In my last post, I took a quick look at the Microsoft.AspNetCore meta package. One of the libraries referenced by the package, is the NETStandard.Library NuGet package. In this post I take a quick look at this package and what it contains.

If you're reading this post, you have hopefully already heard of .NET Standard. This is acts as an interface to .NET Platforms, and aims to define a unified set of APIs that those platforms must implement. It is the spiritual successor to PCLs, and allow you to target .NET Framework, .NET Core, and other .NET platforms with the same library code base.

The NETStandard.Library metapackage references a set of NuGet packages that define the .NET Standard library. Like the Microsoft.AspNetCore package from my last post, the package does not contain dlls itself, but rather references a number of other packages, hence the name metapackage. Depending on the target platform of your project, different packages will be added to the project, in line with the appropriate version of .NET Standard the platform implements.

For example, the .NET Standard 1.3 dependencies for the NETStandard.Library package includes the System.Security.Cryptography.X509Certificates package, but this does not appear in the 1.0, 1.1 or 1.2 target platforms. You can also see this on the nuget.org web page for the package.

It's worth noting that the NETStandard.Library package will typically be referenced by projects, though not by libraries. It's also worth noting that the version number of the package does not correspond to the version of .NET Standard, it is just the package version.

So even if your project is targeting .NET Standard version 1.3 (or multi-targeting), you can still use the latest NETStandard.Library package version (1.6.1 at the time of writing). The package itself is versioned primarily because it also contains various tooling support such as the list of .NET Standard versions.

It's also worth bearing in mind that the NETStandard.Library is essentially only an API definition, it does not contain the actual implementation itself - that comes from the underlying platform that implements the standard, such as the .NET Framework or .NET Core.

If you download one of the packages referenced in the NETStandard.Library package, System.Collections for example, and open up the nuget package as before, you'll see there's a lot more too it than the Microsoft.AspNetCore metapackage. In particular, there's a lib folder and a ref folder:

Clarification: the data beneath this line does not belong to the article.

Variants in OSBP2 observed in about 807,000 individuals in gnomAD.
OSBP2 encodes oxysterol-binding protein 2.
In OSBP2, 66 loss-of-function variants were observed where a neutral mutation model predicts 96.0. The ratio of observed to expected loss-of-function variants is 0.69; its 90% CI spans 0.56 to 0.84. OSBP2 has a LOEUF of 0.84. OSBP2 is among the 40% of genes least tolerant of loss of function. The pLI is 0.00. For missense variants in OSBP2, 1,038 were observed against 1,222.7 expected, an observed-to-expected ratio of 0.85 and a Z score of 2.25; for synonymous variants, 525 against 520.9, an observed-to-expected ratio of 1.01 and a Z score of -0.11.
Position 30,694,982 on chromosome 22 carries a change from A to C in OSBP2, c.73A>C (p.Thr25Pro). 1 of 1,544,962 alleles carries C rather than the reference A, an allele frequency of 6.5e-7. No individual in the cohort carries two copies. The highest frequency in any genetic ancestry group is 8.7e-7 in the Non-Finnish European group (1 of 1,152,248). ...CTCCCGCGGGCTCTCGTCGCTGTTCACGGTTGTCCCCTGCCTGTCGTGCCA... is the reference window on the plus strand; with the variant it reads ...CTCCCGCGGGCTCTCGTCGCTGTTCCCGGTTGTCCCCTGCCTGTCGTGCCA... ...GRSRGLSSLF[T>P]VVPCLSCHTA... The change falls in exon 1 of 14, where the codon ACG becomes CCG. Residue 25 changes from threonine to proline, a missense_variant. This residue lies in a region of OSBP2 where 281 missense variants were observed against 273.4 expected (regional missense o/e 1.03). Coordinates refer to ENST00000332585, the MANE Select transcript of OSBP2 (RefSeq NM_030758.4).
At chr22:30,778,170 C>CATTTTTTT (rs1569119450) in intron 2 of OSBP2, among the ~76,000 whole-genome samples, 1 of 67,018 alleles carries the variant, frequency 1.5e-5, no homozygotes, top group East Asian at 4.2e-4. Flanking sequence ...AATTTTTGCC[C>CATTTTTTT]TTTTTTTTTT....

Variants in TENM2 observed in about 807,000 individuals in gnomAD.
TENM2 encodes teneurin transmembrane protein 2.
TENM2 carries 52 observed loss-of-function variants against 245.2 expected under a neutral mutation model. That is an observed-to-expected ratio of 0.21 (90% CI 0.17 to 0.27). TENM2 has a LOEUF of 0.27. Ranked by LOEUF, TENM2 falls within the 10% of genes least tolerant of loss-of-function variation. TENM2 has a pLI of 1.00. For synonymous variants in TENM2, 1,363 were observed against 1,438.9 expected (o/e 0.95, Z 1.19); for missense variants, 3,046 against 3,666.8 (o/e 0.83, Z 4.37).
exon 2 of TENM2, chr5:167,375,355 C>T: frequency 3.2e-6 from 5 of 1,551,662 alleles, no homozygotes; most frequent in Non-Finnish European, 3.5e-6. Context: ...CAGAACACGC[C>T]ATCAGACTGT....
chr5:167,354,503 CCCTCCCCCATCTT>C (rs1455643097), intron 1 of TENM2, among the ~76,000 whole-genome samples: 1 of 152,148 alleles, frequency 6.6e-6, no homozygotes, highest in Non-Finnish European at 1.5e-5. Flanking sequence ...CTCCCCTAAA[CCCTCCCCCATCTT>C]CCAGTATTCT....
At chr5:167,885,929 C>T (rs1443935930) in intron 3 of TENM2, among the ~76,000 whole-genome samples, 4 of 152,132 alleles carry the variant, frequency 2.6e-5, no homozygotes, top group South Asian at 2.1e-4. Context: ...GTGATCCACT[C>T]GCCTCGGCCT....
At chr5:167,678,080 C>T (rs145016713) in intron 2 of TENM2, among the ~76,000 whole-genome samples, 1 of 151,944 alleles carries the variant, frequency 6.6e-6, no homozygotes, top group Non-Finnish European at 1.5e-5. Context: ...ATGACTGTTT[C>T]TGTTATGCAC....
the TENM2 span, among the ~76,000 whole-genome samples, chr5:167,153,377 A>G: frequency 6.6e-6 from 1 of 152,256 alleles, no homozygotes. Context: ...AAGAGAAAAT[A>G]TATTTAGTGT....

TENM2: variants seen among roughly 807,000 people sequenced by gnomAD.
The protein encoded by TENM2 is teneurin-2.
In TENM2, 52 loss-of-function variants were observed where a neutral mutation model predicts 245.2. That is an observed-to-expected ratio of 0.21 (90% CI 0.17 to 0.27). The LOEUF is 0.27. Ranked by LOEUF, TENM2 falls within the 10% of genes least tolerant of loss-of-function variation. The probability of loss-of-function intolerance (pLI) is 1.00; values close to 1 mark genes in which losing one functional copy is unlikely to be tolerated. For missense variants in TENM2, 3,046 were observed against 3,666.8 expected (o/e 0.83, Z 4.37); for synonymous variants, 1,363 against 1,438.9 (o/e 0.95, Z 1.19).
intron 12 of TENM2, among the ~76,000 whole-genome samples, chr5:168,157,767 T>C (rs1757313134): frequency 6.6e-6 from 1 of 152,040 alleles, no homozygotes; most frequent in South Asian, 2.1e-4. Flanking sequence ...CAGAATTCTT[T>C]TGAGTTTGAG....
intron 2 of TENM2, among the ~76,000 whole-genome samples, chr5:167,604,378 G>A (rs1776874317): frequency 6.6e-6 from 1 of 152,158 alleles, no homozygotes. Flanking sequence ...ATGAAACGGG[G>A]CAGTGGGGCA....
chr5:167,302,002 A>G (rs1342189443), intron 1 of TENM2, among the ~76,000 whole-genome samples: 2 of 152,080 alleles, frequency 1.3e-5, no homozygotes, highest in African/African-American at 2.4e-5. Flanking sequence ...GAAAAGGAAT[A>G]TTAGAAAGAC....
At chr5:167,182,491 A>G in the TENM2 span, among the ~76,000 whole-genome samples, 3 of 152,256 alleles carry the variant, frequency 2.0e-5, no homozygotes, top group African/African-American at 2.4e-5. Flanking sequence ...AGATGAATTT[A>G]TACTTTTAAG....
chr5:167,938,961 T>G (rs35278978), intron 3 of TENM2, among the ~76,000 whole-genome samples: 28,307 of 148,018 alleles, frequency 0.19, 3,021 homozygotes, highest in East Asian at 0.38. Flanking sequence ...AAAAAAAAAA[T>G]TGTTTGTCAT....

System.Collections 4.3

In a typical NuGet package, lib is where the actual dlls for the package would live. However, if we do a search for all the files in the lib folder, you can see that there aren't actually any dlls, just a whole load of empty placeholder files called _._ :

Lib folder

So if there aren't any dlls in here, where are they? Taking a look through the ref folder you find a similar thing - mostly _._ placeholders. However that's not entirely the case. The netstandard1.0 and netstandard 1.3 folders do contain a dll (and a load of xml metadata files):

Refs folder

But look at the size of that System.Collections.dll - only 42kb! Remember, the NETStandard.Library only includes reference assemblies, not the actual implementations. The implementation comes from the final platform you target; for example .NET Framework 4.6.1, .NET Core or Mono etc. The reference dlls just define the various APIs that these platforms must expose for a given version of .NET Standard.

You can see this for yourself by decompiling the contained dll using something like ILSpy. If you do that, you can see what looks likes the source code for System.Collections, but without any method bodies, showing that this really is just a reference assembly:

ILSpy of System.Collections

These placeholder assemblies are are a key part of the the .NET Standard infrastructure. They provide concrete APIs against which you can compile your projects, without tying you to a specific implementation (i.e. .NET Framework or .NET Core).

Final thoughts

If this all seems confusing and convoluted, that's because it is! It doesn't that every time you think you've got your head around it, things have moved on, are being changed or improved…

Having said that, most of this is more detail than you'll need. Generally, it's enough to understand the broad concept of .NET Standard, and the fact that it allows you to share code between multiple platforms.

There's a whole host of bits I haven't gone into, such as type forwarding, so if you want to get further into the details, and really try to understand what's going on, I suggest checking out the links below. In particular, I highly recommend the video series by Immo Landwerth on the subject.

Of course, when .NET Standard 2.0 is out, all this will change again, so brace yourself!